Although bees, butterflies, and other winged creatures serve as natural pollinators for many of the world’s plants, they contribute only modestly to the world’s agricultural production—accounting for between 5% and 10% of the production of food crops. However, such natural pollinators may play a disproportionately large role in human nutrition and health, according to a new study. That's because pollinators support crops that deliver essential nutrients to malnourished regions of the world, the data show, suggesting that regions already facing food shortages and nutritional deficiencies may be especially hard hit by the global decline of bees and other pollinators.
Although pollination is essential for the cultivation of the world’s food supply, not all crops depend on pollinating animals. Corn, for example, is pollinated primarily by wind. However, many of the crops that do depend on natural pollinators are the richest in the vitamins and minerals essential for human health. Recent population declines of important pollinators, such as domesticated and wild bees, have prompted concerns for the potential effects on crop production—both economically and nutritionally. With this in mind, Rebecca Chaplin-Kramer, a landscape ecologist at Stanford University in Palo Alto, California, and colleagues set out to assess the importance of pollinators to global health by determining where pollination is most critical for the production of crops containing essential nutrients.
To do that, the team of spatial scientists, pollination biologists, and nutritionists compiled data on the nutrient content, pollination dependence, and regional agricultural yields for more than 100 of the most common crops grown globally for food. The team integrated nutritional data from the U.S. Department of Agriculture with data from previous research reports on the global production and pollination dependence of crops. Using the combined data set, the researchers then created maps to identify hotspots that are most reliant on pollinators for the production of three essential nutrients—vitamin A, iron, and folate.
Surprisingly, the researchers found that developed regions such as the United States, Europe, China, and Japan rely on natural pollinators for producing crops of high economic value, whereas parts of lesser developed regions such as India, South Asia, and sub-Saharan Africa depend more on natural pollinators for the production of crops that provide essential nutrients, as they reported last month in the Proceedings of the Royal Society B.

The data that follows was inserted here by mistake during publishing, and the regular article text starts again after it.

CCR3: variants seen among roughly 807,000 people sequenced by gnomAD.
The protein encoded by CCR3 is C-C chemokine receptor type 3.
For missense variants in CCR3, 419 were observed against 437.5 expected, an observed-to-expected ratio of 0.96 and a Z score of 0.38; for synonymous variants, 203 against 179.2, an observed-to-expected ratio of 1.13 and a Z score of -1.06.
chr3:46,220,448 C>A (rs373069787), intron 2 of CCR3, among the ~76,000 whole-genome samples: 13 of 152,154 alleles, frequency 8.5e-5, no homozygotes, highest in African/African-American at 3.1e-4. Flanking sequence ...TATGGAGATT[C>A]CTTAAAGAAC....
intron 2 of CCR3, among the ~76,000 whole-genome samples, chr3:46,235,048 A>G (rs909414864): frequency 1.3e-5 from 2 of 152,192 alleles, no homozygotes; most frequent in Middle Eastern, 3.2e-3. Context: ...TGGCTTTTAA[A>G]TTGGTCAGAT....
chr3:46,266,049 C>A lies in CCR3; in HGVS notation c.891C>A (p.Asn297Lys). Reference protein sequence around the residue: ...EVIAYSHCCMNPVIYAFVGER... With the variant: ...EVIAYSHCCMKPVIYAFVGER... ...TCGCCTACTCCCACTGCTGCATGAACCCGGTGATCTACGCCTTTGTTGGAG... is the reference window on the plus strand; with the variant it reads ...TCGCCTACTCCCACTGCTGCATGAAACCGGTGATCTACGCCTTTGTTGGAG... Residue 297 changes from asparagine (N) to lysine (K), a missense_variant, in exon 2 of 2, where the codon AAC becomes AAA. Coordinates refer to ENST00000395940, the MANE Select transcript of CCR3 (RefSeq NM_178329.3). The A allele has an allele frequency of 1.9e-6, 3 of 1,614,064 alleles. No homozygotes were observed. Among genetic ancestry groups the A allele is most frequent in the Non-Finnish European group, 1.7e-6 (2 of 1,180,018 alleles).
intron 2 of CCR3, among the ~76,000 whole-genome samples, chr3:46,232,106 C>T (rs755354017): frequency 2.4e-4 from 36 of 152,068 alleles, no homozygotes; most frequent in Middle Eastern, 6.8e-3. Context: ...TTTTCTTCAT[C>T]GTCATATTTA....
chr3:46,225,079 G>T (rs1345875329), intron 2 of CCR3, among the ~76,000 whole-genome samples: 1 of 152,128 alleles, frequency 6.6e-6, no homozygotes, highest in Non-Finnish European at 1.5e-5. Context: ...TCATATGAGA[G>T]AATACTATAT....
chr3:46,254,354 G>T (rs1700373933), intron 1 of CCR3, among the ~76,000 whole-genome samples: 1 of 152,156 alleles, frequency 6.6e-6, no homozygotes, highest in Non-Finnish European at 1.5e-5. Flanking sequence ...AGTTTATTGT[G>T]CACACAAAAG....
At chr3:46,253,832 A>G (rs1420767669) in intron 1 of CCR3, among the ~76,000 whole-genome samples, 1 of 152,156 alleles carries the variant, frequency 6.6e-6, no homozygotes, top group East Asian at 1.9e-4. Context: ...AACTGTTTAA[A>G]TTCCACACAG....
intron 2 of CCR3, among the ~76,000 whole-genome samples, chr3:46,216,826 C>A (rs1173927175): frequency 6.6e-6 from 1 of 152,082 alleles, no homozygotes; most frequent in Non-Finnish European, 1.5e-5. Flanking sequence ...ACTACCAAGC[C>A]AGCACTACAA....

“Taking these three separate lines of research—where crops are grown, how nutritious are they, and how dependent are they on pollination—you realize there are really different patterns in where nutrition production is most dependent on pollination,” Chaplin-Kramer says.
The results suggest that pollinator declines could affect various regions of the world in very different ways. Ominously, the regions most dependent on pollination for providing nutrients were also those with a high prevalence of malnutrition and poverty. When the team added in data from the World Health Organization on the global distribution of vitamin A and iron deficiencies, they found that regions with a high prevalence of nutritional deficiencies overlapped with the regions most dependent on pollinators for delivering those same nutrients. Vitamin A and iron deficiencies were three times more likely to occur in areas where nutrient production was most dependent upon pollinators. Vitamin A deficiency is associated with vision loss and increased mortality, whereas iron deficiencies have been linked to pregnancy complications and impaired development and risk of death in children.
The reliance on natural pollinators is not causing the increased rates of vitamin A and iron deficiency in these less-developed regions, Chaplin-Kramer notes. "It just so happens that these places that are already really nutritionally vulnerable are also the most reliant on pollinators to deliver nutrients,” she says. Still, she adds, the “pollinators matter more in these regions, therefore if there were pollinator declines, it would hurt these regions more.”
“Whereas previous studies have identified areas at risk of losing production or income if problems with pollination arise, this study highlights that problems could be more widespread—specifically with respect to health,” says Nynke Schulp, a spatial ecologist at VU University Amsterdam, who was not involved in the study.
The link between pollinators and global nutrition adds new importance to the continuing decline of pollinator populations occurring worldwide. However, the researchers note that there are a number of ways that regions could adapt to changes in so-called pollination services—including using managed bee colonies to supplement wild pollinators, switching to nutrient-equivalent crops that are less reliant on pollination, or importing nutrient-rich foods from other regions. “This is not a doomsday scenario, it’s a call to action”, Chaplin-Kramer says. “By identifying where pollination is most critical for meeting nutritional needs, we can prioritize where to direct future research and conservation efforts.”